By CATHY DAICHANG
The Gertrude Hawk Chocolate selling industry is experiencing a plateau in sales, with profits remaining consistent with last year’s figures. This business has a customer base in the JP-munchies sector of the community, specializing in the sweet-tooth, breakfast-replacement, and after-school-craving markets. The target consumer is the student overflowing with desperation and one dollar bills with a history of loyalty to the brand. Demand for Gertrude Hawk has increased proportionately with the JP population since the Freshman Boom of 2015.
Strengths of the industry include a readily available consumer market required by law to attend school each day. Vendor numbers vary; when abundant, the product is seen down every hallway, staircase, and sidewalk. The rustic packaging of the product is immediately recognizable; in fact, most consumers can recognize the flavors based on the shade of the wrapper. Costs fluctuate around $1 per bar, with a direct relationship between lower prices and seller desperation. Flavors and quality are consistent; some flavors are are in higher demand than others, though, and melted or broken merchandise is, unfortunately, less valued.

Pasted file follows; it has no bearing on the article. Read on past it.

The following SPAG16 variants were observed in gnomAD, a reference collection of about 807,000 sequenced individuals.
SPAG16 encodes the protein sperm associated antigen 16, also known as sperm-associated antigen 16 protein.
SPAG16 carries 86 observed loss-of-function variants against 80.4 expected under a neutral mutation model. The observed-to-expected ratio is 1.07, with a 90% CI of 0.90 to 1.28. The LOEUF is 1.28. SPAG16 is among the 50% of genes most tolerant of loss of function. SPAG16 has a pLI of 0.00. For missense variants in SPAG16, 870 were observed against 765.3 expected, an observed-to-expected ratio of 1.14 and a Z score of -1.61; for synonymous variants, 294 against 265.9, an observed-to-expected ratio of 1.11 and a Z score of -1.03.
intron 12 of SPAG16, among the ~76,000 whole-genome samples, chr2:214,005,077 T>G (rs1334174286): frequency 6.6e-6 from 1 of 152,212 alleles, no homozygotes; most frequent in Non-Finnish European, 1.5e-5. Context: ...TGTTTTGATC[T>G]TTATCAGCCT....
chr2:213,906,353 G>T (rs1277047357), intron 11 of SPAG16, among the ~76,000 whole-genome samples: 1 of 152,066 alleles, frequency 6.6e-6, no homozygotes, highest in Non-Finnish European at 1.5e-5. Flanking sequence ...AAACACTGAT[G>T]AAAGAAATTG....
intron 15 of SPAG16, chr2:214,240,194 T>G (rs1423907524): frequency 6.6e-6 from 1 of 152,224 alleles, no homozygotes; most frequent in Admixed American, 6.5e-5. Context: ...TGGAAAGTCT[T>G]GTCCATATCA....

The greatest weakness of the industry lies in the difference in stock between vendors. While one student may want to purchase an ordinary peanut butter bar, the more eccentric student may be looking to buy a less-common coconut custard bar. Because most vendors order variety packs that do not contain equal numbers of each flavor, clients are often disappointed when they cannot find their preferred rectangle of cocoa. Moreover, vendors often order their stock in hordes: clubs and organizations such as Odyssey of the Mind and Future Business Leaders of America have specified dates for their chocolate orders. Supply is low for most of the year, but when these large orders come in, supply is outrageously high. In fact, the extreme influx of chocolate makes uncommon the sight of a vendor begging his or her friend to buy their one last white chocolate bar by the end of a market flood. These ups and downs affect the behavior of the entire consumer base; for example, when teachers are offered chocolate, they often indulge their own sweet tooth after a long day of grading papers and crying. Once the vendors load their Gertrude Hawk boxes on top of their books for the day, there is no stopping their sales.
Though the industry has its highs and lows throughout the school year, its consistently high earnings and solid reputation make it a sound method of extracting money from stingy high schoolers.
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